The First Amendment requires that the US government must treat all religions equally. After a statue of the Ten Commandments was donated to Oklahoma City by State Representative Mike Ritze and placed outside the Oklahoma State Capitol, The Satanic Temple offered to donate a religious statue. The Temple chose Baphomet – a pagan idol associated with the Knights Templar that was conceived in the 11th century, and whose depiction has changed dramatically over time. The best-known representation of Baphomet as a "Sabbatic Goat" did not appear until 1856 when Eliphas Lévi published Dogmas and Rituals of High Magic. The Satanic Temple has continued the tradition of adapting the image of the mythical figure. The most notable difference is that Baphomet now has a male chest. This was done for practical reasons such that State governments could not reject the statue on the grounds that it could be considered obscene.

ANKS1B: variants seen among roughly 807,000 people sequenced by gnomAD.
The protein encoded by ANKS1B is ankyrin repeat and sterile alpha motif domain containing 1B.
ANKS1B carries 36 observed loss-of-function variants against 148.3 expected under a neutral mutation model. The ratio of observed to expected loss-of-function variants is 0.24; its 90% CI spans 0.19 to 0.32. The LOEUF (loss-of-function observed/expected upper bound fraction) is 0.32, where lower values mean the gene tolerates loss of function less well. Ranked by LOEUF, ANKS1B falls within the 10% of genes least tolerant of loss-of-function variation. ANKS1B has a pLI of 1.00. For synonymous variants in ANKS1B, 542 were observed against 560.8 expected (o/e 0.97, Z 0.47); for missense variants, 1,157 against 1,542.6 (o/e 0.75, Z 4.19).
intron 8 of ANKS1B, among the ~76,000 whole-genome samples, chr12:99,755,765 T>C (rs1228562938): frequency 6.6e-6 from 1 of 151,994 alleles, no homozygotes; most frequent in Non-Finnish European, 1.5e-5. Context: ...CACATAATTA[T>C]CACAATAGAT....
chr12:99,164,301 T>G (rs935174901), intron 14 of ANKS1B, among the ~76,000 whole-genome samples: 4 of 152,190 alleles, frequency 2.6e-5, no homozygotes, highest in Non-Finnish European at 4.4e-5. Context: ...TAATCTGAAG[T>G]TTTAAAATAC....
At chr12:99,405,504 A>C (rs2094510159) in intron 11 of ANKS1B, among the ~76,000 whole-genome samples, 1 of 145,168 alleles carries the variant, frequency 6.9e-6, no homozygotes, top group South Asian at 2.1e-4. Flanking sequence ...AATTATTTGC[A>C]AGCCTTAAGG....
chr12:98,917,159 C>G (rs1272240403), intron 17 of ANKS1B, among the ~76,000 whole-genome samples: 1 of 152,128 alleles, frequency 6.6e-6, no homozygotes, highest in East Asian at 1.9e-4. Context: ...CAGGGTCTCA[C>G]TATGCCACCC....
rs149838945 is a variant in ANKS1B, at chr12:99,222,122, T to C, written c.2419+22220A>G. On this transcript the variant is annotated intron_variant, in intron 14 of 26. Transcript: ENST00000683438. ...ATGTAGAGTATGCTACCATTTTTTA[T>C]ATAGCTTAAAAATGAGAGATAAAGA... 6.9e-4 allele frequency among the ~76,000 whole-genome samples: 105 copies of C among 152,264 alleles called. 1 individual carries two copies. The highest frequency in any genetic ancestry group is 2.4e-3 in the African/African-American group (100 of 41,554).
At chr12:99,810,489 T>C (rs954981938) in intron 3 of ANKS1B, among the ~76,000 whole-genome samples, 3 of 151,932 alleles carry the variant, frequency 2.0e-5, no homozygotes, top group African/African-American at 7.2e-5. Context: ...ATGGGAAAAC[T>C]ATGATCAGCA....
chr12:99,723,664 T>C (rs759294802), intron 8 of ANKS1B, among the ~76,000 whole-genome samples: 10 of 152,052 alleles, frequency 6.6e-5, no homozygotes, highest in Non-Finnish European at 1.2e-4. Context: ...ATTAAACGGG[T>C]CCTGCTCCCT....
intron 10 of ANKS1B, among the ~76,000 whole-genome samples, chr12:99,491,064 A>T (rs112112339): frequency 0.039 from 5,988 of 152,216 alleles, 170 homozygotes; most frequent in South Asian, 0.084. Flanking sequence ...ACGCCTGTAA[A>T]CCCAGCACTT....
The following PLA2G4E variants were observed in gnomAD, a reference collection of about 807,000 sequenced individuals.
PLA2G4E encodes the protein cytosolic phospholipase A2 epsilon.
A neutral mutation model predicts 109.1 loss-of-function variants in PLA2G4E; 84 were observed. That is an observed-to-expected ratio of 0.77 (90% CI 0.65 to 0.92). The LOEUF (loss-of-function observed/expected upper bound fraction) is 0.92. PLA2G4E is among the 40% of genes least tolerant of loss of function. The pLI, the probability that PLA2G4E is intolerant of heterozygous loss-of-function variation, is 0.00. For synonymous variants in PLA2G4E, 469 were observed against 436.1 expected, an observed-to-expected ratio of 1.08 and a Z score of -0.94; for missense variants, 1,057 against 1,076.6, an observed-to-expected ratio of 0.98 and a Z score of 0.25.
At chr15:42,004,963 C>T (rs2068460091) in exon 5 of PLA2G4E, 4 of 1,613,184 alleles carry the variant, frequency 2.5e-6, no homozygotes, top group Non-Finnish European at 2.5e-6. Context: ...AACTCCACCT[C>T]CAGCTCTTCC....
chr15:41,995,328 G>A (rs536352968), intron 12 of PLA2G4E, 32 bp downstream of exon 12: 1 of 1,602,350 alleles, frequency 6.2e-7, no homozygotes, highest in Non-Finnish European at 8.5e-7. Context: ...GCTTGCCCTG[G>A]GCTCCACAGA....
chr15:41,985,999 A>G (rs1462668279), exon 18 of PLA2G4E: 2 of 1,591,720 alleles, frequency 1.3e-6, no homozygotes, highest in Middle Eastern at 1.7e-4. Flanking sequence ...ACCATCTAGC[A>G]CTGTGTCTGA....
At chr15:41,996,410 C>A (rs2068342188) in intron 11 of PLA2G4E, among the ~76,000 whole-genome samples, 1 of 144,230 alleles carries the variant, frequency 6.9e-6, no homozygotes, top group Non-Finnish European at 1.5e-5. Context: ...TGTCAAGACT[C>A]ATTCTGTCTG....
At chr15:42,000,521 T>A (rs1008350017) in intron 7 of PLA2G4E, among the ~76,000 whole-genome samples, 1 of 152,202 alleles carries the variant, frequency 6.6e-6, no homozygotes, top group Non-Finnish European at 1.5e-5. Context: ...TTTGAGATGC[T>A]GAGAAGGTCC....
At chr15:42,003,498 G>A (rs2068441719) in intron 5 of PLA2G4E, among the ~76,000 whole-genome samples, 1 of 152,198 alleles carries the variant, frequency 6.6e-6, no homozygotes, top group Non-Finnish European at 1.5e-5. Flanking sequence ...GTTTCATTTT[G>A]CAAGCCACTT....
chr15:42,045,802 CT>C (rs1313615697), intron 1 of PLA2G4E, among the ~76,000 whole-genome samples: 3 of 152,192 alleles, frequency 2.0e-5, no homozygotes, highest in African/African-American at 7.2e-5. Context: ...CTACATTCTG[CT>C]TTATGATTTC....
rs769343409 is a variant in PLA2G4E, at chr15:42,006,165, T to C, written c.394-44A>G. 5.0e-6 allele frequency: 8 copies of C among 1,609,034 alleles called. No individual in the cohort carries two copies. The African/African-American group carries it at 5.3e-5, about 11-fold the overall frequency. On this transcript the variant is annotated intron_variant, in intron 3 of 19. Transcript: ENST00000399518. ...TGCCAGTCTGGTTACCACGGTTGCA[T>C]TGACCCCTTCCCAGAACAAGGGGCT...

The Oklahoma City Supreme Court ordered the removal of the Ten Commandments statue because Oklahoma State law prohibits the use of state property to further religions. The offer to donate the Baphomet statue to Oklahoma was then withdrawn; however, it could potentially find its final dwelling place in the Arkansas Capitol grounds alongside Senator Jason Rapert's Ten Commandments monument, pending trial in 2020. The Satanic Temple's Baphomet monument will remain on display to the public at Salem Art Gallery until it is placed alongside other religious monuments on public property.
This representation was created by Mark Porter and features antecedents that include elements of Zoroastrianism, Gnosticism, the figure of Melek Taus, and Slayer's debut album cover. At its core is the union of opposites and the line of shadow and light. Constructed in bronze, weighing over 3,000 pounds, and standing eight and a half feet tall, the Salem Art Gallery is the temporary home of "Baphomet" – the most politically-charged sculpture of our time.